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Opinion | The Risks Facing Uber Ahead Of Its IPO

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S-1 reports are expected to have outrageous claims, such as having a $12 trillion addressable market. Big stories yield higher valuations, and in Uber's (NYSE: UBER) case, that valuation is $80-90 billion. Aside from becoming one of the most valuable money-losing companies, it will also be one of the largest IPO's of all time.

The analyst estimates show a lot of bullishness, but we at Countach Research could not feel any more indifferent towards that. In all fairness, there are a few good arguments: losses are depreciating as a percentage of sales, there is core unit profitability and fixed cost scalability, the food delivery market is growing, the approach to their autonomous driving department shows a smart balance and increased liquidity in key markets leads to a margin advantage.

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We are not concerned about the statement that they might never reach profitability either. We interpreted it as a simple way for lawyers to communicate that risks are involved with any investment.

Risks are involved indeed, risks that are not fully understood by most analysts.

Uber will continue to be in a pricing war with LYFT Inc (NASDAQ: LYFT). After raising close to $10 billion with the IPO, Uber will hold enough cash to sustain their current burn rate for nine years. In comparison, Lyft will only be able to sustain their current burn rate for three years. However, Uber will not be heading towards profitability in the near future. The pricing competition will continue, and as a result Uber will protect their market share at all costs, regardless of the billions that will be lost annually.

But there's more to this. The last few years were marked by questionable management practices, and poor managerial decisions will continue to take the charge. On page 31 of its S-1, Uber stated that reduced driver incentives will lead to increased driver dissatisfaction. However, drivers are the principal assets of the company. With an increasing cost for driver acquisition, the focus should be on driver usage rather than pushing drivers to seek alternative offers that pay more.

And that leads me to my next point. Nearly a quarter of Uber's revenue is being generated in five cities: Los Angeles, San Francisco, New York, London and Sao Paulo. Any local competitor is able to enter that market and capture a significant market share for that one specific city. In this case, the value of Uber's superior global network has less use. On top of that, Uber will see an increasing competition from alternative transportation methods. Nearly half of all drives in the U.S. are less than three miles, a short distance that can be travelled using e-scooters and dockless e-bikes as well.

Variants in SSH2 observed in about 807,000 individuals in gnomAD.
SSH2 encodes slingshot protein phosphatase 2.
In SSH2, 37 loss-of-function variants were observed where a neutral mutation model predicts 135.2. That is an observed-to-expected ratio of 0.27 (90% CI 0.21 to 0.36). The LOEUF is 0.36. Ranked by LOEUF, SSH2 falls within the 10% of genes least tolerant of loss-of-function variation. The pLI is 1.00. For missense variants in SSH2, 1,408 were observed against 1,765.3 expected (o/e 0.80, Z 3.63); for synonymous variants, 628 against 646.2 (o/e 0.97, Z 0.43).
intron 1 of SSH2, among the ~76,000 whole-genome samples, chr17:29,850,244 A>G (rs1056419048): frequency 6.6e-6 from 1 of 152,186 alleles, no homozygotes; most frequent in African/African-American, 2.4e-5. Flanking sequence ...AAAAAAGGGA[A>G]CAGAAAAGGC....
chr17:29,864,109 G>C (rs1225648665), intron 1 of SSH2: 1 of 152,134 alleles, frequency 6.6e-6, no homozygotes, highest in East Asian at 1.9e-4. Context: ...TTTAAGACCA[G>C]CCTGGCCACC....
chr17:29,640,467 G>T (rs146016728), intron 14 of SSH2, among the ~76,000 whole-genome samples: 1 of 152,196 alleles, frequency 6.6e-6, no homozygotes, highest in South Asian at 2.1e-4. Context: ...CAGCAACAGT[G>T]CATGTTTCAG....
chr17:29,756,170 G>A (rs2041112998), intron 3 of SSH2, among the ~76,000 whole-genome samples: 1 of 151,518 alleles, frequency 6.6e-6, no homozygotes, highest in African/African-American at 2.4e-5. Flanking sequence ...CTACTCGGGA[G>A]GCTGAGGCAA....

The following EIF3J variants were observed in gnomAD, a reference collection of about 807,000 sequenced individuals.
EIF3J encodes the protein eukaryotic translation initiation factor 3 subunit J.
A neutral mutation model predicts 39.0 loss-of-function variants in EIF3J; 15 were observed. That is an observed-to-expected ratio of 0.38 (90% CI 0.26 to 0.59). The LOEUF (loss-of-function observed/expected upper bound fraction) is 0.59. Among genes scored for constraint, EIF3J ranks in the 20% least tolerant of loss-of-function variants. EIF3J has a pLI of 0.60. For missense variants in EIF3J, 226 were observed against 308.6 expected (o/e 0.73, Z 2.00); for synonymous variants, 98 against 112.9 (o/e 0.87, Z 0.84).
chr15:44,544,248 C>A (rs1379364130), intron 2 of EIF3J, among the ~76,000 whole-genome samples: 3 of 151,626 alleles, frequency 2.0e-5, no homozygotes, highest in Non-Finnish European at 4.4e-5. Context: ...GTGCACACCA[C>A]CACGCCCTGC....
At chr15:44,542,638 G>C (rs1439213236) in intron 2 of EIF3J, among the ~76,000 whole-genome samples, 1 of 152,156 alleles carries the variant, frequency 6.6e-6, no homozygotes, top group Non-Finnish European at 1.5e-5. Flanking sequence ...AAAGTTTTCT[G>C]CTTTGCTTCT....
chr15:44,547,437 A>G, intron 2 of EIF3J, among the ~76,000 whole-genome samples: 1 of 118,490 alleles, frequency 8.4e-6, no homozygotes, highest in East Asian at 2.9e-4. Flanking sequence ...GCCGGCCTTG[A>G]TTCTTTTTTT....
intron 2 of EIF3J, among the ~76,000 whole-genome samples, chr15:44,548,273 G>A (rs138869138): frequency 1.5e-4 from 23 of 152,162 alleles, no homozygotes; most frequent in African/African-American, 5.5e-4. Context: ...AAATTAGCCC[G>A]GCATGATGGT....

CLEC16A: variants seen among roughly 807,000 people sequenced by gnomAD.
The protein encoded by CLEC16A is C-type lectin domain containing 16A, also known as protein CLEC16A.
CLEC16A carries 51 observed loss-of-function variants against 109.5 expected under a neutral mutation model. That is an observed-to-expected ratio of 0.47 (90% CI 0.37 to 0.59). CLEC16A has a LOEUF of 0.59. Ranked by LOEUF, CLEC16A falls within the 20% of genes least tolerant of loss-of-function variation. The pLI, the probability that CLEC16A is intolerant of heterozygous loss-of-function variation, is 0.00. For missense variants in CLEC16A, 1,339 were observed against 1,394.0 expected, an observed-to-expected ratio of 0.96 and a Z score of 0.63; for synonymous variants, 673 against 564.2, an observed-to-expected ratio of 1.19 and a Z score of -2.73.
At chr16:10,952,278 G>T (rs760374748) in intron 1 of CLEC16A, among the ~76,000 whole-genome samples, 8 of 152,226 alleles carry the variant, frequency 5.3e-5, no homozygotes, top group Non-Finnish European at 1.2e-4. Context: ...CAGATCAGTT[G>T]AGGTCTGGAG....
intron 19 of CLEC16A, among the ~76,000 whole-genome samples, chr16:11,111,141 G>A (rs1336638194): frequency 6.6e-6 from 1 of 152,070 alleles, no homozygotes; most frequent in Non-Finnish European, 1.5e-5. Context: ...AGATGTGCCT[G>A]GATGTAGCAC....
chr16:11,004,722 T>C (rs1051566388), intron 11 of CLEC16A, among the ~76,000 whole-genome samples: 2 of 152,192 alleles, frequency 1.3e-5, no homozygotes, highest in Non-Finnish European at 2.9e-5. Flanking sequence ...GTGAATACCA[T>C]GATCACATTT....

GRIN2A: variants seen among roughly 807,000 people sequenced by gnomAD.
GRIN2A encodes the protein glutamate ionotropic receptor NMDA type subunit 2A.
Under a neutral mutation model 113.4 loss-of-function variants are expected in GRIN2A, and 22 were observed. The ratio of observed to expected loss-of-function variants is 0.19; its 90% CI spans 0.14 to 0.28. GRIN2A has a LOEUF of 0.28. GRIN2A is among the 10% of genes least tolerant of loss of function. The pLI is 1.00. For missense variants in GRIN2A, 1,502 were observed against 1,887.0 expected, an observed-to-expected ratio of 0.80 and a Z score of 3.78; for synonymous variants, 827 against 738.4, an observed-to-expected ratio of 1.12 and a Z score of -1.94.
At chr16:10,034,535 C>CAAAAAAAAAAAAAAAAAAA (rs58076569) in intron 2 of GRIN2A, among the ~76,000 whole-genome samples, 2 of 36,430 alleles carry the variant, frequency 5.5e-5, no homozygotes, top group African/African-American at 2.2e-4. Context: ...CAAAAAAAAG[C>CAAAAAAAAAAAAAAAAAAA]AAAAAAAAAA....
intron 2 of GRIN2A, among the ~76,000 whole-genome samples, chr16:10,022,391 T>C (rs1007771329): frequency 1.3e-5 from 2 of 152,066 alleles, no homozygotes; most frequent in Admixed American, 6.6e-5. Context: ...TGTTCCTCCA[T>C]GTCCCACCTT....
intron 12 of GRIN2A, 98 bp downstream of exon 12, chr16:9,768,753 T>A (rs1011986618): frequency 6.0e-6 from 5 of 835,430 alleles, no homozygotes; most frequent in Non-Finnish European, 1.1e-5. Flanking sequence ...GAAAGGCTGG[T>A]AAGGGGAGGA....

There is further competition ahead. At first, we will have a group of major OEM's that will all start their own ride-sharing projects, presenting an incredibly tough competition for Uber to compete against. Autonomous taxis are perceived as a future savior for Uber, but Alphabet Inc's (NASDAQ: GOOG)(NASDAQ: GOOGL) Waymo is well ahead in this industry segment.

One of the solutions could be further diversification, but into what? Freight delivery, helicopter transport, pallet delivery, bikes? These are all highly competitive industries that will make it incredible tough for Uber to become a profitable entrant.

But one of the biggest red flags is the S-1 itself. We are interested to see what the acquisition cost and retention rate is for drivers, riders and restaurants. All of this information is extremely important, but not available. How about revenue and profit by geography, the effect of driver incentives on their top line, their cost allocations, separation of ride-sharing and uber-eats? Once again, unknown. Whenever there is such a lack of information, we get a bit suspicious. On top of that, the fact that Jeff Jones, who has proven to be an incredible executive, left after four months with potentially hundreds of millions in stock options thrown out the window. Red flags are all the way up.

The only two questions that an investor should ask are whether the $80-90 billion valuation is justified and whether there is a favorable risk-reward ratio. In our opinion, it is not and there is not.

As a crowd favorite, it is dangerous to go short on an overhyped company with a lot of public support. We will closely examine the first three trading days after the IPO, and if there is a clear directional trend, it will allow a safer entry for a position.

Related Links:

The Surprising ETFs That Will Hold Lyft And Uber

Analyst: Uber Roadshow A 'Dark Shadow' Over Lyft

The preceding article is from one of our external contributors. It does not represent the opinion of Benzinga and has not been edited.

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